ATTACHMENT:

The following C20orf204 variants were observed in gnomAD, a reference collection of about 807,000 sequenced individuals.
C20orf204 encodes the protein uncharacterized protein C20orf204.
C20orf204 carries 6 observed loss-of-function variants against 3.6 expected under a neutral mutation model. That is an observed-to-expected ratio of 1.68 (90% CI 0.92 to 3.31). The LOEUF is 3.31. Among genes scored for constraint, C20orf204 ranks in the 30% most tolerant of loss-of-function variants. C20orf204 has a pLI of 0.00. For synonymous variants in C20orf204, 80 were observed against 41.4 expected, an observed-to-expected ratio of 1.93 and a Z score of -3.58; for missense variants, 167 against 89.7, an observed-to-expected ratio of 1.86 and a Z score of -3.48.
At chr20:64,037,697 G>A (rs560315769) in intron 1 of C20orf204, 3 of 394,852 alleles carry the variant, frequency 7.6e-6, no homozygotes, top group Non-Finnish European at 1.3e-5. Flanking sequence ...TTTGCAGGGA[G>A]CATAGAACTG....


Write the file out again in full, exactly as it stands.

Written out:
The following C20orf204 variants were observed in gnomAD, a reference collection of about 807,000 sequenced individuals.
C20orf204 encodes the protein uncharacterized protein C20orf204.
C20orf204 carries 6 observed loss-of-function variants against 3.6 expected under a neutral mutation model. That is an observed-to-expected ratio of 1.68 (90% CI 0.92 to 3.31). The LOEUF is 3.31. Among genes scored for constraint, C20orf204 ranks in the 30% most tolerant of loss-of-function variants. C20orf204 has a pLI of 0.00. For synonymous variants in C20orf204, 80 were observed against 41.4 expected, an observed-to-expected ratio of 1.93 and a Z score of -3.58; for missense variants, 167 against 89.7, an observed-to-expected ratio of 1.86 and a Z score of -3.48.
At chr20:64,037,697 G>A (rs560315769) in intron 1 of C20orf204, 3 of 394,852 alleles carry the variant, frequency 7.6e-6, no homozygotes, top group Non-Finnish European at 1.3e-5. Flanking sequence ...TTTGCAGGGA[G>A]CATAGAACTG....